If you square root a number infinite amount of times, will it eventually become 1, or some sort of whole number? Can you please give proof as to why you got your answer? Thanks!

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TopNewestNot really a proof, but if we look at \(\sqrt{x}\), we know the result will be less than \(x\) (unless of course \(x\) is less than or equal to 1.

When we square-root a number an infinite number of times, the number \(x\) must lower in value an infinite number of times, until 1 is reached.

Interestingly, when we square-root a number greater than -1 but less than 1 an infinite number of times, we get back to 1. When we square (not square-root) a similar number an infinite number of times, we get back to 0.

For negatives, squaring gets us infinitely high (or infinitely low), and square-rooting gets us imaginary numbers. – Clive Chen · 1 year, 11 months ago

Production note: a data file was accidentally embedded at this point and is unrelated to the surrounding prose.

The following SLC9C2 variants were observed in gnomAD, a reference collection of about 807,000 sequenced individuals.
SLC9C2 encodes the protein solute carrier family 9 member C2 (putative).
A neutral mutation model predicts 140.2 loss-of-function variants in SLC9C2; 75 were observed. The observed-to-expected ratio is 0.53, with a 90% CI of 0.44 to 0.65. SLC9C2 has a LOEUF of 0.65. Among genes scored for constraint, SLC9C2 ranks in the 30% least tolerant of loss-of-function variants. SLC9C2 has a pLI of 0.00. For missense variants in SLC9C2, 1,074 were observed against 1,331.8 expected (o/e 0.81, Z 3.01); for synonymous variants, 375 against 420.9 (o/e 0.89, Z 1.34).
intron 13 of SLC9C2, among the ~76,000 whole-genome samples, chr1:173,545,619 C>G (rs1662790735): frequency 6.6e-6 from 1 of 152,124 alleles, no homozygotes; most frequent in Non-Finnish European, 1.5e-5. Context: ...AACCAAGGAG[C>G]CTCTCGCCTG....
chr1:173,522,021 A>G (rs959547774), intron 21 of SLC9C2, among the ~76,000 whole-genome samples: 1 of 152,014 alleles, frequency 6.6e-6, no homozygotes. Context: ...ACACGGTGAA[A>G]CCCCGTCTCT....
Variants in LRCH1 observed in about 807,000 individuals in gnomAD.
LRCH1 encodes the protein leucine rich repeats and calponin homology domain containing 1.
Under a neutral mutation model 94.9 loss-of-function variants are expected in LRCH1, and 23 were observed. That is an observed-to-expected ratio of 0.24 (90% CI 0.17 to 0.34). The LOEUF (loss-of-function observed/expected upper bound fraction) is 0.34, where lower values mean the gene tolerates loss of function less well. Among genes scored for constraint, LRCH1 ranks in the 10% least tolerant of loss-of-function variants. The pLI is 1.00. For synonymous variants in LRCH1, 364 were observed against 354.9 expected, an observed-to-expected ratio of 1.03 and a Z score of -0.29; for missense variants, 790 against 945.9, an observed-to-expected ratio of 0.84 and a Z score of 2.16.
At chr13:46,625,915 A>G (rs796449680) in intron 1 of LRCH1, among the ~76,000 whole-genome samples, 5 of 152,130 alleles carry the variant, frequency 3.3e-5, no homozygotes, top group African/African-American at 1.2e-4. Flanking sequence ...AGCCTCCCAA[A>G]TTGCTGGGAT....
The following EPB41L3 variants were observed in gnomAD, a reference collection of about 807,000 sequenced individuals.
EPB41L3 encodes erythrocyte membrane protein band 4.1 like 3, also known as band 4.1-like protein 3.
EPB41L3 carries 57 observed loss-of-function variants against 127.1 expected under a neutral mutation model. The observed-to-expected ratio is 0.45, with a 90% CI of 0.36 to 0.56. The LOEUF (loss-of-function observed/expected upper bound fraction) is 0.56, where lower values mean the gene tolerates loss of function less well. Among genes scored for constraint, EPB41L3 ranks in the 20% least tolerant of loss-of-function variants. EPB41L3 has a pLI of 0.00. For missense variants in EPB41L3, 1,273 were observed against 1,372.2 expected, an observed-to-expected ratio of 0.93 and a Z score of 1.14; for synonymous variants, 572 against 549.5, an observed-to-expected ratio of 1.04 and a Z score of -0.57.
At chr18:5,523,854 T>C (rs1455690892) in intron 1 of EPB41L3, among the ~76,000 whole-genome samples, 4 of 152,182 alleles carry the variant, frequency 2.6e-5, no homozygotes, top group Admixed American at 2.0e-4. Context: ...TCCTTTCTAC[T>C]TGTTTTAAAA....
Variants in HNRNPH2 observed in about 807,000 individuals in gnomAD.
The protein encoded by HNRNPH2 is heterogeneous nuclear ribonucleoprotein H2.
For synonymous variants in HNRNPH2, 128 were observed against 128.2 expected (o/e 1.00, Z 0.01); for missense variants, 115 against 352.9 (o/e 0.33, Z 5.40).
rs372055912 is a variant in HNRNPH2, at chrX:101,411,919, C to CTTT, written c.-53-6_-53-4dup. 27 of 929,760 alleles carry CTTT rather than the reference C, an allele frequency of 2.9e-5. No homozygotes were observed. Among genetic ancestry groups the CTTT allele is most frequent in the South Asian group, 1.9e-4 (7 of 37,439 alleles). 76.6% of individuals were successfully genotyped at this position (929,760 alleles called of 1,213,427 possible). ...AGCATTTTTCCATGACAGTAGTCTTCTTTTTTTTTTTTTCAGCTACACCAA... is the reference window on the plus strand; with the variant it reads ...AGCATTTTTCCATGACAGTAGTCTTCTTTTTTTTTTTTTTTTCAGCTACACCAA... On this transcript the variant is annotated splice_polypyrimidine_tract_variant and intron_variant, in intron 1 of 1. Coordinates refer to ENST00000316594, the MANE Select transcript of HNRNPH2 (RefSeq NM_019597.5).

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If the initially chosen number is \(N\geq1\) the sequence \(\{x_n\}\) defined as \[x_1=N, x_{n+1}=\sqrt{x_n}, \forall n\geq 1\] converges to \(1\). This follows from Banach's Fixed Point Theorem because the map \(f:[1,N] \to [1,N]\) defined by \(f(x)=\sqrt{x}\) is a contraction map, with the unique fixed point \(1\), in the metric space \([1,N]\), with the usual euclidean metric. – Abhishek Sinha · 1 year, 12 months ago

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– Vincent Miller Moral · 1 year, 12 months ago

It's some kind of elvish. I can't read it. :)Log in to reply

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– Abhishek Sinha · 1 year, 12 months ago

You need to show that the sequence converges to \(1\). Finding a fixed point is not sufficient for convergence, e.g., instead of taking square roots, if we square the numbers, for any initially chosen number \(N>1\), the sequence diverges to \(\infty\). But you still have the equation \(y=y^2\), hence\(y=0\) or, \(y=1\).Log in to reply

sqr(sqr(sqr(...sqr(n) = x , X^2= sqr(sqr(...sqr(n) , X^2=X , X= 1 or 0 . I think that would be it – Caio Garcez · 1 year, 11 months ago

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